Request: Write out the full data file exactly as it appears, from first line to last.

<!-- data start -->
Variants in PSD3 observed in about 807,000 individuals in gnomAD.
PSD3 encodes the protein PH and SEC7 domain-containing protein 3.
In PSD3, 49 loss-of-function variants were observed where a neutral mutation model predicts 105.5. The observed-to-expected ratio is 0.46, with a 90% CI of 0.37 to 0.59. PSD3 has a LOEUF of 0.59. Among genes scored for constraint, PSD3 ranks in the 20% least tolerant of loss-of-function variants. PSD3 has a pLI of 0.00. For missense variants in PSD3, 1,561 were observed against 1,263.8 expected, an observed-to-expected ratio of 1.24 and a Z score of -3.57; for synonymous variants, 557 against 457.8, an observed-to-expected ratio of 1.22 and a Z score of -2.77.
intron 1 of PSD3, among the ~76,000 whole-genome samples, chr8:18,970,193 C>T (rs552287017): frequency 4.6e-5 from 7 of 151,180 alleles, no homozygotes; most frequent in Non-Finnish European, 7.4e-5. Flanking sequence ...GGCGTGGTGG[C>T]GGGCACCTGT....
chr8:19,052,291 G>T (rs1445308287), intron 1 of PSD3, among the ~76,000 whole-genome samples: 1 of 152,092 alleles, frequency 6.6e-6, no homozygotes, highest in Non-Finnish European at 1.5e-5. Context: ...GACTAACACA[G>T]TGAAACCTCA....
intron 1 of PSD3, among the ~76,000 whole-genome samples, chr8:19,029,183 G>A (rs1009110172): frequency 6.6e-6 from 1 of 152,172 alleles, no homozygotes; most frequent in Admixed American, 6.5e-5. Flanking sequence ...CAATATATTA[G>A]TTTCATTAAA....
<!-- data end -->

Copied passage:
Variants in PSD3 observed in about 807,000 individuals in gnomAD.
PSD3 encodes the protein PH and SEC7 domain-containing protein 3.
In PSD3, 49 loss-of-function variants were observed where a neutral mutation model predicts 105.5. The observed-to-expected ratio is 0.46, with a 90% CI of 0.37 to 0.59. PSD3 has a LOEUF of 0.59. Among genes scored for constraint, PSD3 ranks in the 20% least tolerant of loss-of-function variants. PSD3 has a pLI of 0.00. For missense variants in PSD3, 1,561 were observed against 1,263.8 expected, an observed-to-expected ratio of 1.24 and a Z score of -3.57; for synonymous variants, 557 against 457.8, an observed-to-expected ratio of 1.22 and a Z score of -2.77.
intron 1 of PSD3, among the ~76,000 whole-genome samples, chr8:18,970,193 C>T (rs552287017): frequency 4.6e-5 from 7 of 151,180 alleles, no homozygotes; most frequent in Non-Finnish European, 7.4e-5. Flanking sequence ...GGCGTGGTGG[C>T]GGGCACCTGT....
chr8:19,052,291 G>T (rs1445308287), intron 1 of PSD3, among the ~76,000 whole-genome samples: 1 of 152,092 alleles, frequency 6.6e-6, no homozygotes, highest in Non-Finnish European at 1.5e-5. Context: ...GACTAACACA[G>T]TGAAACCTCA....
intron 1 of PSD3, among the ~76,000 whole-genome samples, chr8:19,029,183 G>A (rs1009110172): frequency 6.6e-6 from 1 of 152,172 alleles, no homozygotes; most frequent in Admixed American, 6.5e-5. Flanking sequence ...CAATATATTA[G>A]TTTCATTAAA....